Federal Reserve officials were cautiously optimistic about the US economic recovery at the central bank’s April meeting, with some officials signaling they’d be open to discussing scaling back the central bank’s massive bond purchases “at some point.”
“A number of participants suggested that if the economy continued to make rapid progress toward the Committee’s goals, it might be appropriate at some point in upcoming meetings to begin discussing a plan for adjusting the pace of asset purchases,” according to minutes from the April 27-28 Federal Open Market Committee meeting published Wednesday.
“Various participants noted that it would likely be some time until the economy had made substantial further progress toward the Committee’s maximum-employment and price-stability goals,” the minutes said.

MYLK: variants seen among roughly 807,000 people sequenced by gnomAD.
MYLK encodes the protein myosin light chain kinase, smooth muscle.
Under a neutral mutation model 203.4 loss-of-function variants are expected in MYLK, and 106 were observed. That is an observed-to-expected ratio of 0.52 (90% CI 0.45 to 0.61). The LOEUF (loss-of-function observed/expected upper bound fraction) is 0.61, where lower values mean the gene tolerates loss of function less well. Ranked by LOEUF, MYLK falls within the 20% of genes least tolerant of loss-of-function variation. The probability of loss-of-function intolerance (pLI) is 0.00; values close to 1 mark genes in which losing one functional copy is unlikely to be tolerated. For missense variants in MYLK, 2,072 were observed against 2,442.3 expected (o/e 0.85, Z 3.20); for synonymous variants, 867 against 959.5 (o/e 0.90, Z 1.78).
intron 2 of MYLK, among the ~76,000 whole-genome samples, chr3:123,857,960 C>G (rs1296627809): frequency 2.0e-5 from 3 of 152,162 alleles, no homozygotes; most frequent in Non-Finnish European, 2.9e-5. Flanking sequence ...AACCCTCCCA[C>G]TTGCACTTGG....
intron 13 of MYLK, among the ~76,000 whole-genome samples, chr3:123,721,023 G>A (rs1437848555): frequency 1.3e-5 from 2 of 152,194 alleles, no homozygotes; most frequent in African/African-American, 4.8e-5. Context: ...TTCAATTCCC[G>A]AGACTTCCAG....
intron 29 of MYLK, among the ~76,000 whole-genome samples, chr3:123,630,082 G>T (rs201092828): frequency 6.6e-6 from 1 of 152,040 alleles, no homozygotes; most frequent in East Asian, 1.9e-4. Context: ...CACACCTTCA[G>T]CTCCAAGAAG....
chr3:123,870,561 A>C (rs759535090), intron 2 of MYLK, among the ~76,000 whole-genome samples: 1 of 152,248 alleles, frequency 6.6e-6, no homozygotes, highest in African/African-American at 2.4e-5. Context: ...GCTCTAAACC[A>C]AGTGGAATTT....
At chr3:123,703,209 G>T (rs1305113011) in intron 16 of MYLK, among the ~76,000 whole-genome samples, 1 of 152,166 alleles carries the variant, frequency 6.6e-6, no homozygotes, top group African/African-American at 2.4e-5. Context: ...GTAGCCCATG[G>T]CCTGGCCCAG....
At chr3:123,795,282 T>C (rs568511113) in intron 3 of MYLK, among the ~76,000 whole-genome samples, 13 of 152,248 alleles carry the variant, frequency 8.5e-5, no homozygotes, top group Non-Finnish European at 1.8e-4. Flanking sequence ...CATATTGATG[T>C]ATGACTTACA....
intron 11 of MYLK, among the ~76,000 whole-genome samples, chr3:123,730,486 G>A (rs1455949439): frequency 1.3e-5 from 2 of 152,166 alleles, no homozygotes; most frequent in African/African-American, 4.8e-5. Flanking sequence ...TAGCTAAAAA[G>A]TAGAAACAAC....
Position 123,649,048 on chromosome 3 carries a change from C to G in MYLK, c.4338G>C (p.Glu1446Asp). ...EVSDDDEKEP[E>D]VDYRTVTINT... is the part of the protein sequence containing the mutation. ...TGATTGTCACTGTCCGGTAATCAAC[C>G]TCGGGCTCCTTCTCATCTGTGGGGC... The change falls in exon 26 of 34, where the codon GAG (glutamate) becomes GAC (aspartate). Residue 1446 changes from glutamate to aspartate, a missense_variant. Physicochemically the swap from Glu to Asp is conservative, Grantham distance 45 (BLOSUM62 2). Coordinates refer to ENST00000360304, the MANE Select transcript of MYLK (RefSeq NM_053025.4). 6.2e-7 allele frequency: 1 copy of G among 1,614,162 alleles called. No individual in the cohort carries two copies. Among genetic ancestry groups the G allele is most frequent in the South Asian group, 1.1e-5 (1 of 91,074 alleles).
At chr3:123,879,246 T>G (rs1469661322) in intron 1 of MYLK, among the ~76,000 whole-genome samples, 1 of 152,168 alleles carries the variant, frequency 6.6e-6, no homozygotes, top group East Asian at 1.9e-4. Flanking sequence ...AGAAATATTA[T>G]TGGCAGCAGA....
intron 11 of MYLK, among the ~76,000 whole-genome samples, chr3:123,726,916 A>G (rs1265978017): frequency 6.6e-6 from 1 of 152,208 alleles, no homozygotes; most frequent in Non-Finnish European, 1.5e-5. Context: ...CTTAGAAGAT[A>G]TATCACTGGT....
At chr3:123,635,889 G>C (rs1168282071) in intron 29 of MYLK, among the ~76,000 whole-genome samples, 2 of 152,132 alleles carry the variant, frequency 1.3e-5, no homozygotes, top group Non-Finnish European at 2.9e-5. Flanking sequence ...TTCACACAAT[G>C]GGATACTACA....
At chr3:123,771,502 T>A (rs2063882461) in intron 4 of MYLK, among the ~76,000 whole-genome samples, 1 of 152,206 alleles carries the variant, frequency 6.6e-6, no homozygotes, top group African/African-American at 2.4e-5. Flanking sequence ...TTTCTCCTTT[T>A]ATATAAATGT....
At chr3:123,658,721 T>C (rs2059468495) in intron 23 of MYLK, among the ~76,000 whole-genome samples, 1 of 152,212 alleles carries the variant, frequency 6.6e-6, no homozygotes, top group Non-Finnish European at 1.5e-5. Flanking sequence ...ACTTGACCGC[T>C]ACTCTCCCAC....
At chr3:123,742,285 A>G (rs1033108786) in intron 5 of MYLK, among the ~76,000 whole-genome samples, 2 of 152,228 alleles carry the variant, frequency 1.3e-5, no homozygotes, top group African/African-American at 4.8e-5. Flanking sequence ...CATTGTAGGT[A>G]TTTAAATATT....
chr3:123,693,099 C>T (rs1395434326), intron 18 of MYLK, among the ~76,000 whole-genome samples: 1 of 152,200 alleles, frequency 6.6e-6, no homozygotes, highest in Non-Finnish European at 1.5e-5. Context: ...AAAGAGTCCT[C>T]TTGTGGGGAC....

Officials held interest rates near zero at the meeting and pledged to continue buying $80 billion in Treasuries and $40 billion in mortgage-backed securities every month until “substantial further progress” had been made on their employment and inflation goals.
The US labor market posted strong gains in March, the most recent month for which Fed officials had data at the April meeting. Policy makers have since noted they’d need to see continued strength to indicate that the economy was on its way to meeting the Fed’s test to scale back bond buying.
The recovery picture was muddled by a disappointing April jobs report, which came after the Fed’s meeting. Policy makers will have that report, plus the one for May, at their next meeting in June.